-No surprise here:  The columnists at the Sun-Times and Tribune respectively have differing opinions on Mike Quade’s hiring.  Post-Trib (owned by ST) column headline:  “Sandberg got Sandbagged”.  The Trib column claims that Quade is a “good fit”. 

Old habits die hard.

 

-Finally, some Chicago tattoo artists apparently aren’t Sox fans.

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Chicks may dig the long ball but I bet they’re into Ichiro too

On the same day, Jose Bautista hit his 50th homer of the season and Ichiro Suzuki got his 200th hit of the season for the tenth consecutive season. 

I’ll give you one guess which story got the most news coverage.  Yeah, Bautista. 

Ichiro’s milestone is a significant one.  No other player has accomplished such a feat.  Not Cobb, not Hornsby nor Lajoie.  Pete Rose is the only to have ten (non-consecutive) seasons with 200 hits.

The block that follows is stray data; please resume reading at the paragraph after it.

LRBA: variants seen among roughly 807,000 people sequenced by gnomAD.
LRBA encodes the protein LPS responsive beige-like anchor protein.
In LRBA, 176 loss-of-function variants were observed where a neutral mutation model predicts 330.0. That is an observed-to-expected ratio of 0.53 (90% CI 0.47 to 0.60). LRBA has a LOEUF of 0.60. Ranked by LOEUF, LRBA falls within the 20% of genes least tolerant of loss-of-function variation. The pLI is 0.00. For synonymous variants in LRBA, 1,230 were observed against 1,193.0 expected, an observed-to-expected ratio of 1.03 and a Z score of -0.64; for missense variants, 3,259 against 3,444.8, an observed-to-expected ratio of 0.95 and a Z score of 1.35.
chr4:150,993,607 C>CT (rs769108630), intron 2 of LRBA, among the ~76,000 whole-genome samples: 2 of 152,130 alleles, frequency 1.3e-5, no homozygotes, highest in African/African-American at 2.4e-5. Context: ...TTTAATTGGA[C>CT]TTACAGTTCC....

It’s a shared opinion among many of my baseball friends that if he chose to, Ichiro could hit 30 homers a season.  Maybe more.  He just chooses to play his brand of baseball.  The one that earns him a .331 career batting average, best among active players.

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Lift the hype on Strasburg

I have to admit, I’m impressed that Mr Strasburg has been able to live up to the hype after two starts.  Sooner or later, he has to come down to earth, I would think. 

Our freshman outfielder at the University of Illinois hit three homeruns in his first college game against the #1 team in the nation last year.  A lot was made of it nationally obviously and his name was put on the map.  But one thing I remember was what our color guy (and former Illini player) said.  “That’s the worst thing that could happen to him”. 

Now our outfielder has been doing great since his first day but our color guy’s point is well taken.  There’s a lot to be said for our sports media setting expectations and then having a player live up to them.  There are Stephen Strasburg player trackers out there and every game he pitches is being live-blogged by practically everyone.  What would the baseball community do if he pitched one game like a regular human being?